Anti-SLAPP Happy? Arizona Court of Appeals Extends Anti-SLAPP Statute to Statements Made in Informal Community Meetings
March 24, 2022
By Ryan P. Hogan and Brett W. Johnson
SLAPP Suits and Anti-SLAPP Statutes
Controversial and heated business dealings with or involving public entities are all too familiar: A developer or other business seeks to pursue a project or to obtain public funding and, in response, local individuals or organizations emerge to oppose such ambitions. Opponents will communicate with local officials or law enforcement, advocate at hearings for development or public funding approval, or even take to the streets in protest. Political opposition can sometimes be strong enough to provoke a defamation lawsuit. Traditionally, if an entity believes that falsehoods have damaged its reputation, it may have grounds for legal recovery, injunction against continued defamation, or even “take down” actions by third party publishers.
Both sides in cases like these should be aware of Arizona’s anti-strategic lawsuits against public participation (“anti-SLAPP”) statutes,1 which provide an expedited mechanism to dismiss complaints based on public participation in governmental proceedings. Broadly, anti-SLAPP statutes seek to level the playing field between local advocates and powerful interests who might have the financial resources to stymy public opposition by subjecting opponents to broad and expensive discovery.2
Arizona Anti-SLAPP: Nuts and Bolts
The central feature of Arizona’s Anti-SLAPP statute is the mandatory dismissal of any legal action involving certain types of speech unless the non-moving party “shows that the moving party’s exercise of the right of petition did not contain any reasonable factual support or any arguable basis in law and that the moving party’s acts caused actual compensable injury to the responding party.”3 Put simply, if you cannot prove the merit of a lawsuit involving another’s right of petition, the anti-SLAPP statute will bring a swift end to your case.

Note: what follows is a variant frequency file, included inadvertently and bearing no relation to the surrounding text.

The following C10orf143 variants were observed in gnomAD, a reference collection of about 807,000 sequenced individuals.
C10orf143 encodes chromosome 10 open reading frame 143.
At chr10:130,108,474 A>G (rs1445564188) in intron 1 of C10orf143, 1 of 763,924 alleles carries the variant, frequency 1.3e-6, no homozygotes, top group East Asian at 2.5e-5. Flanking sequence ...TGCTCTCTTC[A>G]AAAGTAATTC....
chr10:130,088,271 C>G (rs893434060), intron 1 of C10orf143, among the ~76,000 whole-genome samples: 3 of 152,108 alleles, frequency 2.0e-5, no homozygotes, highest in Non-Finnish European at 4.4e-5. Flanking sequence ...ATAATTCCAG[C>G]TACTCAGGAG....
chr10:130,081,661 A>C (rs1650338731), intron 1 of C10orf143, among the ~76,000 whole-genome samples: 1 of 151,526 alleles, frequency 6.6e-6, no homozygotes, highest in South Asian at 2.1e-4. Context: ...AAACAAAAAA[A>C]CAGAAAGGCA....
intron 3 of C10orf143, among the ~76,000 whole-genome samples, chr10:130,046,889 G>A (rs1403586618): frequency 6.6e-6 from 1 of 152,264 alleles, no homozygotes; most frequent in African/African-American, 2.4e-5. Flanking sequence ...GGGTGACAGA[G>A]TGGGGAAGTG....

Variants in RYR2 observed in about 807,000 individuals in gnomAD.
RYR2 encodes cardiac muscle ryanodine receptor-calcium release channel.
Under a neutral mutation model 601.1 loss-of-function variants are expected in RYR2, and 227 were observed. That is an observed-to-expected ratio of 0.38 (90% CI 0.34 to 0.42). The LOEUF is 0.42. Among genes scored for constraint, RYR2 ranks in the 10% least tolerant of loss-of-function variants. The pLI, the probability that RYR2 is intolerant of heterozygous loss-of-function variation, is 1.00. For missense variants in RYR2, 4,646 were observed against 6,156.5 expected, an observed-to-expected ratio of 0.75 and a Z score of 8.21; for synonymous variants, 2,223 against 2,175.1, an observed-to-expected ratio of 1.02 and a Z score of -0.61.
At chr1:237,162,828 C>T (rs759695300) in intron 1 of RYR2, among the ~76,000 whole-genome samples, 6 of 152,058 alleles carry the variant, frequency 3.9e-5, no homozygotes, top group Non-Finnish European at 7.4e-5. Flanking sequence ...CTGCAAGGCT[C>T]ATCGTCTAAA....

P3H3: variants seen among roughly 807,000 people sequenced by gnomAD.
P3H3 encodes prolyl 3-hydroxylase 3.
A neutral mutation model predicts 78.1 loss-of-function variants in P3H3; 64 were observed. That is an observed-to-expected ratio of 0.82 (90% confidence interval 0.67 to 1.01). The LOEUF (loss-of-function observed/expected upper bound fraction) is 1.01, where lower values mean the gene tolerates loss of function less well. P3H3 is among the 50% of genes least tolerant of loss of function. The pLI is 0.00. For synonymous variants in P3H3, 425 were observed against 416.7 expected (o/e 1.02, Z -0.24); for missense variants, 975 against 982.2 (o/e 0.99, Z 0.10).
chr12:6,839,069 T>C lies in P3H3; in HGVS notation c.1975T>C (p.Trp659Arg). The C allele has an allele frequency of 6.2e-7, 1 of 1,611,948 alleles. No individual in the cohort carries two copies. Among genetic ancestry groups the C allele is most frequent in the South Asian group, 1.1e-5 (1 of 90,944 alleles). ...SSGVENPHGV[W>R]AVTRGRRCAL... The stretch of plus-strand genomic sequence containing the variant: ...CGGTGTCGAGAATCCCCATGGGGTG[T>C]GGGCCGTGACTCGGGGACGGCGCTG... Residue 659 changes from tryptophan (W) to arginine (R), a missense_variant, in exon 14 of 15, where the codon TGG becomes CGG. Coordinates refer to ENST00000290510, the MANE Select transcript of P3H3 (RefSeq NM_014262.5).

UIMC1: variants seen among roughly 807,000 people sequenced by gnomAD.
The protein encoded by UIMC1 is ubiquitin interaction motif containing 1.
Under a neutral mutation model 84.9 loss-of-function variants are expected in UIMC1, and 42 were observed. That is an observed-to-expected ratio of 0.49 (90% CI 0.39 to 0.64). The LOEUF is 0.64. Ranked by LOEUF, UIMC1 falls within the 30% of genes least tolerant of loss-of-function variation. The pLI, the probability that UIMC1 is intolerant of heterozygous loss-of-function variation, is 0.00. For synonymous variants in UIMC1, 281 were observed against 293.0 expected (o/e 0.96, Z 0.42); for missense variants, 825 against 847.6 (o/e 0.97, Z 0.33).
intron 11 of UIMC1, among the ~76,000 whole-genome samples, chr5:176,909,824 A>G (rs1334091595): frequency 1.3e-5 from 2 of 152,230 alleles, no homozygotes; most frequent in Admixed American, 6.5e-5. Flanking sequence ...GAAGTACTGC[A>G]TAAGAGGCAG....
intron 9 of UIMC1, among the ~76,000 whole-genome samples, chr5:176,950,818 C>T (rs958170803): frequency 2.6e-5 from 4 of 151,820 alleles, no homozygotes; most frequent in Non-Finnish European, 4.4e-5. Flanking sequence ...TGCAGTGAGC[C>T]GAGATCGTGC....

The statute also increases the stakes for claimants. By requiring an expedited hearing, the statute leaves little time for discovery.4 That may frustrate entities’ efforts to prove the merits of their claim. Serious consequences may follow: the statute requires an award of reasonable attorney fees and encourages successful defendants to seek sanctions.5
As a result, potential litigants should take note of what speech the anti-SLAPP statute covers. To begin with, the statute protects only constitutionally protected free speech, meaning certain “well-defined and narrowly limited classes of speech”—including defamation— cannot benefit from the anti-SLAPP statute’s procedural safeguards.6 If it is constitutionally protected, the anti-SLAPP statute applies in two circumstances.
First, it protects speech “made as part of an initiative, referendum or recall effort.”17 Thus, the statute broadly protects a wide array of statements made as part of ballot measures or efforts to oust politicians. Second, it protects speech that is: (a) “Made before or submitted to a legislative or executive body or any other governmental proceeding;” (b) “[m]ade in connection with an issue that is under consideration or review by a legislative or executive body or any other governmental proceeding;” and (c) “[m]ade for the purpose of influencing a governmental action, decision or result.”8 A governmental proceeding “means any proceeding, other than a judicial proceeding, by an officer, official or body of this state and any political subdivision of this state, including boards and commissions, or by an officer, official or body of the federal government.”9
A New Gloss on the Scope of Anti-SLAPP Coverage
The Arizona Court of Appeals has recently given some valuable insights on the anti-SLAPP statute’s scope. BLK III, LLC v. Skelton concerned a dining and entertainment business (BLK III) leasing property subject to an existing conditional use permit restricting noise levels on the property.10 BLK III alleged that local neighbors conspired to destroy BLK III’s business by “orchestrating a ‘scheme to report false sound violations to the Scottsdale Police’” and “soliciting help from members of the Scottsdale City Council” in their effort to revoke the permit.11 In response, the neighbors moved to dismiss pursuant to the anti-SLAPP statute.